• 1928: Boneva, Geane, Lenard, Loeda & Louvene, 7; Dormon, Hearman, Hover & Shoso, 7
  • 1929: Miladeen, 9; Edsol, 8
  • 1930: Earnease, Lunelle, Magnola & Rhoena, 6; Elice, 7
  • 1931: Dixianna & Vergean, 7; Leroyce, 7
  • 1932: Dolorese, 9; Mannon, 7
  • 1933: Garnieta, 8; Vondal, 7
  • 1934: Delaris, Derene, Ervene, Myrline & Rheata, 6; Cardis, Carloss, Cleophes, Dockie, Exie, Pettus & Shelvie, 6
  • 1935: Nerita, 14; Deuel, 8
  • 1936: Arolyn & Verilea, 7; Rolyn, 8
  • 1937: Noreda, 17; Seavy, 6
  • 1938: Clione, 16; Dall & Vallee, 6
  • 1939: Melsa, 9; Karrol, 7
  • 1940: Lindola, 13; Willkie, 13
  • 1941: Shirey, 7; Saford, 11
  • 1942: Arvina, Floranne, Kaaran & Roine, 6; Macarther, 10
  • 1943: Jerdine, 7; Deming, Dilworth, Eugne, Keener, Rhodell, Rothwell & Sammul, 5
  • 1944: Carolsue, 11; Condy, Hennry, Lemmon & Persell, 5
  • 1945: Diedri, 10; Kermon, 6
  • 1946: Darlia, 13; Cotis, Dowl, Lohn, Rouldph, Royace, Sherryl, Speedy & Trudy, 5
  • 1947: Junellen, 12; Brookie; 7
  • 1948: Gwyned, 9; Beasley, 6
  • 1949: Jerrilyne, 9; Bradbury, Bradfield, Buckey, Hubie, Jubentino, Kurth, Nickola, Varnum & Waynne, 5
  • 1950: Gladystine, 9; Cresenciano, Frosty & Thurnell, 6
  • 1951: Glenalee & Lynnis, 9; Bronnie & Marvine, 8
  • 1952: Charliss, 7; Gevan, 12
  • 1953: Judalon, 11; Credell, Larrey & Uldis, 7
  • 1954: Lilette & Ufemia, 7; Corneall, Danail, Derf, Luann & Michie, 6
  • 1955: Dainette, 14; Christophel, 9
  • 1956: Tirrell, 13; Auddie & Naymon, 7
  • 1957: Theonita, 17; Melivn, 7
  • 1958: Deedy & Lanor, 8; Brete, 7
  • 1959: Rapunzel, 9; Tomm, 8
  • 1960: Devy, 27; Andamo, 15
  • 1961: Shurla, 17; Jefre, 21
  • 1962: Perette, 16; Daphne & Schell, 7
  • 1963: Chrysanne, 12; Darrayl & Daryell, 8
  • 1964: Deeneen, 12; Deneen & Kenndy, 7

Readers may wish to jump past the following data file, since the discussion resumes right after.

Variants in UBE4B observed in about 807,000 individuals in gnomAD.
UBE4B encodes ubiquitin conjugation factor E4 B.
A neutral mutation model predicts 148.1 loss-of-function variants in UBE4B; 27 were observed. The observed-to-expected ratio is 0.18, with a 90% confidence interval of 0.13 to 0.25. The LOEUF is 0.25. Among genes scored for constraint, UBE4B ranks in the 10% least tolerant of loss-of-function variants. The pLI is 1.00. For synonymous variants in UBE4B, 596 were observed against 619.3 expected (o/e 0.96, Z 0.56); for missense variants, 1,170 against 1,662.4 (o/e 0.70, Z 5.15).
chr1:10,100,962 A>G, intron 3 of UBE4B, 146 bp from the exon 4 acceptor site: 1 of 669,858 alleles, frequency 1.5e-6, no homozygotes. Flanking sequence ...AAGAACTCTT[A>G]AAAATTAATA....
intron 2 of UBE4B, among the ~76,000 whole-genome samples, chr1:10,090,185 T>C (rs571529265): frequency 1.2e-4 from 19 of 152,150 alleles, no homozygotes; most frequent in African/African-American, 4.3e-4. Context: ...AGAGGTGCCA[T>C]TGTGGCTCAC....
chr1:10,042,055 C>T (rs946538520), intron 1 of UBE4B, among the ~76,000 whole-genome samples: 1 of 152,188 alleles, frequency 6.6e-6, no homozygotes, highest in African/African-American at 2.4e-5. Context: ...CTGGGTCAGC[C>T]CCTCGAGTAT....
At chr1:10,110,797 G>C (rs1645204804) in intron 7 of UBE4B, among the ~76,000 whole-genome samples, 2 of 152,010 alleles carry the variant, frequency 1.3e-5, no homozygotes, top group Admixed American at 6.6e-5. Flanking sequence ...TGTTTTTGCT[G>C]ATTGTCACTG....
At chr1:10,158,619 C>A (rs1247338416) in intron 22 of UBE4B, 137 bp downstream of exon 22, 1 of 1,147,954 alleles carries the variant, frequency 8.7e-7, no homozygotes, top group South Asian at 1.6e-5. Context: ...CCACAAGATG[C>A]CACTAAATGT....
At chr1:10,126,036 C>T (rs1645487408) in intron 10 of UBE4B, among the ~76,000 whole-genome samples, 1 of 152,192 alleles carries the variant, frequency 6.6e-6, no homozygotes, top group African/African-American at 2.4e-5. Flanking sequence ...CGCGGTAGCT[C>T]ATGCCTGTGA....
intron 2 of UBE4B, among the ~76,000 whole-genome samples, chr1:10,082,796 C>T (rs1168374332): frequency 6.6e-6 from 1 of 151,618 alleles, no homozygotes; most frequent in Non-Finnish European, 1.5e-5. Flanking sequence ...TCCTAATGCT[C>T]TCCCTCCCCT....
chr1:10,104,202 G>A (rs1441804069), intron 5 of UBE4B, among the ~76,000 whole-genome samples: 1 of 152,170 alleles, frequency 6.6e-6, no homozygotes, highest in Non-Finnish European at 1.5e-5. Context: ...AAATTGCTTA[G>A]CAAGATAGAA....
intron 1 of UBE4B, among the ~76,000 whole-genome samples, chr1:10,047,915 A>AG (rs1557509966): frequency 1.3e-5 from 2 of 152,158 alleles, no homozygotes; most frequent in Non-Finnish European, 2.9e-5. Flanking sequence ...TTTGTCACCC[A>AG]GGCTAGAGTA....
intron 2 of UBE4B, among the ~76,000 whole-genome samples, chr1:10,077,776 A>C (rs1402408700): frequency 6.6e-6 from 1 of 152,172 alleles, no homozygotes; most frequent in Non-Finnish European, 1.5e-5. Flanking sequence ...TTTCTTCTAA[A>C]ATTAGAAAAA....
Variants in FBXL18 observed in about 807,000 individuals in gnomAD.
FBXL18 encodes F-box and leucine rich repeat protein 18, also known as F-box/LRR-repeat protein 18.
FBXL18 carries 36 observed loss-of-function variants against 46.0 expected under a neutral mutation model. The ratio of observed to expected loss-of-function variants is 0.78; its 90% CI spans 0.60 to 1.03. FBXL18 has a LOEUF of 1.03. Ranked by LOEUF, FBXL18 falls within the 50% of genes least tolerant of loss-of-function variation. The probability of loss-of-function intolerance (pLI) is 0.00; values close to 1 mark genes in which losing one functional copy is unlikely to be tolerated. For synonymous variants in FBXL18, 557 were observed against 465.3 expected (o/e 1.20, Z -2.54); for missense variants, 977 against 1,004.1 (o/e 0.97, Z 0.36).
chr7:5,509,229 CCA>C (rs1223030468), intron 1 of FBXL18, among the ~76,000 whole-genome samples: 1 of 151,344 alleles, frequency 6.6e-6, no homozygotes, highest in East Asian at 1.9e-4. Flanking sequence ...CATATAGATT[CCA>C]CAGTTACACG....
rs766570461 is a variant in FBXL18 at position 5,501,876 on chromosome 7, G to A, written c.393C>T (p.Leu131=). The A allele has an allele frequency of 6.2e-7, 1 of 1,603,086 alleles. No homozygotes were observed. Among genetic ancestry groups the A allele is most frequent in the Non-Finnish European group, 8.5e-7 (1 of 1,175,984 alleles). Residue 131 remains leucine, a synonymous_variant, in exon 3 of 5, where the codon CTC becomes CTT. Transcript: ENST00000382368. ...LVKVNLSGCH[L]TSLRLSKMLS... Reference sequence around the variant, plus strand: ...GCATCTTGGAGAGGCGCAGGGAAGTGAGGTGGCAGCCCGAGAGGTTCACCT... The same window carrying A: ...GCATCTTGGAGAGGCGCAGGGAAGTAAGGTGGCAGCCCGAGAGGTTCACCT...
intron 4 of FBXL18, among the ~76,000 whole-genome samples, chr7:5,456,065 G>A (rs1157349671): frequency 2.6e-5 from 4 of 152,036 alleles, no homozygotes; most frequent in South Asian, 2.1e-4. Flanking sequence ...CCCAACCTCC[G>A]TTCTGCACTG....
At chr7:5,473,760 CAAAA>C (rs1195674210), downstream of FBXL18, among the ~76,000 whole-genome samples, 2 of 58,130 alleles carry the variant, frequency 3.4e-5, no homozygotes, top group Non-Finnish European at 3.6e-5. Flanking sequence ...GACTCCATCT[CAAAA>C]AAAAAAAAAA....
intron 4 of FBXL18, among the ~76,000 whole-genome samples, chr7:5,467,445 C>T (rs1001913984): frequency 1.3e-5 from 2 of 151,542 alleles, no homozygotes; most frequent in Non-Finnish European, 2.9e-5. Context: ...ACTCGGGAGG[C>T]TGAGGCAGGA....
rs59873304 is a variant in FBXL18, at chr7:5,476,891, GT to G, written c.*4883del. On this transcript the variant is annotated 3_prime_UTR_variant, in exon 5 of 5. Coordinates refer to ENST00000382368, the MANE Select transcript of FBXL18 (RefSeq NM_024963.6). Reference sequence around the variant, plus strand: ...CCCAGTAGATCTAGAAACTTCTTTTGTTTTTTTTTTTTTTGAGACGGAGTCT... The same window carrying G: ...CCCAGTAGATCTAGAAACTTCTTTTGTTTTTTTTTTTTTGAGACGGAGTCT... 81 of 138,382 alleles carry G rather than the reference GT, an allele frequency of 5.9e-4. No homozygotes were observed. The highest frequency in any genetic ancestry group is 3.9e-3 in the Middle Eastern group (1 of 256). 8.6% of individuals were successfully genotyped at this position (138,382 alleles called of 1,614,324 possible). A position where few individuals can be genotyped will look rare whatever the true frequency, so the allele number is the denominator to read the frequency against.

• 1965: Timolyn, 9; Alfonson & Marichal, 8
  • 1966: Agena, 15; Alfy, 15
  • 1967: Malette, 20; Antal, 8
  • 1968: Ondina, 15; Berto, Christoopher, Deith, Mardi, Redginald & Yoram, 6
  • 1969: Dameron, 15; Shoan, 9
  • 1970: Dardi, 14; Cosmos, 9
  • 1971: Anjanet, 9; Demea, 12
  • 1972: Tyhessia, 17; Christerphor, 8
  • 1973: Desheila, 18; Chandar, 13
  • 1974: Charnissa, 32; Sirica, 8
  • 1975: Russchelle, 24; Darweshi, Tchalla & Unborn, 8
  • 1976: Norlisha, 16; Lebrone, 8
  • 1977: Kashka, 16; Ebay, 12
  • 1978: Kushana, 23; Quarterrio & Travolta, 11
  • 1979: Kitzie, 27; Dilanjan & Terdell, 13
  • 1980: Nykeba, 26; Kimario, 13
  • 1981: Tijwana, 18; Cetric & Dharmesh, 8
  • 1982: Ebelina, 11; Chachi & Chezarae, 9
  • 1983: Shadava, 25; Tio, 12
  • 1984: Meghaan, 36; Quisto & Ragene, 9
  • 1985: Miceala, 16; Sophan, 8
  • 1986: Shaquenta, 13; Sarith, 11
  • 1987: Condola & Shayeeda, 12; Calbe, 9
  • 1988: Armisha, 16; Nattiel, 10
  • 1989:
    • Alexandr, 301; Christop, 1082 (glitch names)
    • Cesilie, 10; Madeleine, 10 (non-glitch names)
  • 1990: Jakkia & Shawnic, 16; Pajtim, 13
  • 1991: Deangelis & Jeniqua, 13; Quaysean, 11
  • 1992: Caleesha, 17; Kendrae, 11
  • 1993: Solmaira, 15; Shanquille, 9
  • 1994: Mccaela, 20; Dontonio, 11
  • 1995: Shieda, 14; Jamiroquan, 13
  • 1996: Sidea, 13; Jervontae, 12
  • 1997: Dessiah & Jachai, 10; Versace, 10
  • 1998: Rosisela, 14; Tamija, 14
  • 1999: Ukari, 16; Tyreace, 9
  • 2000: Daebreon & Jadakiss, 13; Zaykeese, 13
  • 2001: Joharis, 12; Kya, 13
  • 2002: Eshanti, 27; Albieri, 12
  • 2003: Saribel, 22; Amareion, 12
  • 2004: Janayra, 12; Mikayla & Quanye, 11
  • 2005: Milenka, 13; Johnbenedict, 14
  • 2006: Sarela, 26; Sunel, 14
  • 2007: Aidsa & Madelis, 30; Joset, 11
  • 2008: Yaindhi, 29; Jometh, 23
  • 2009: Shastelyn, 34; Tyten, 11
  • 2010: Rossibell, 17; Coopar, 14
  • 2011: Jocell, 31; Maurkice, 13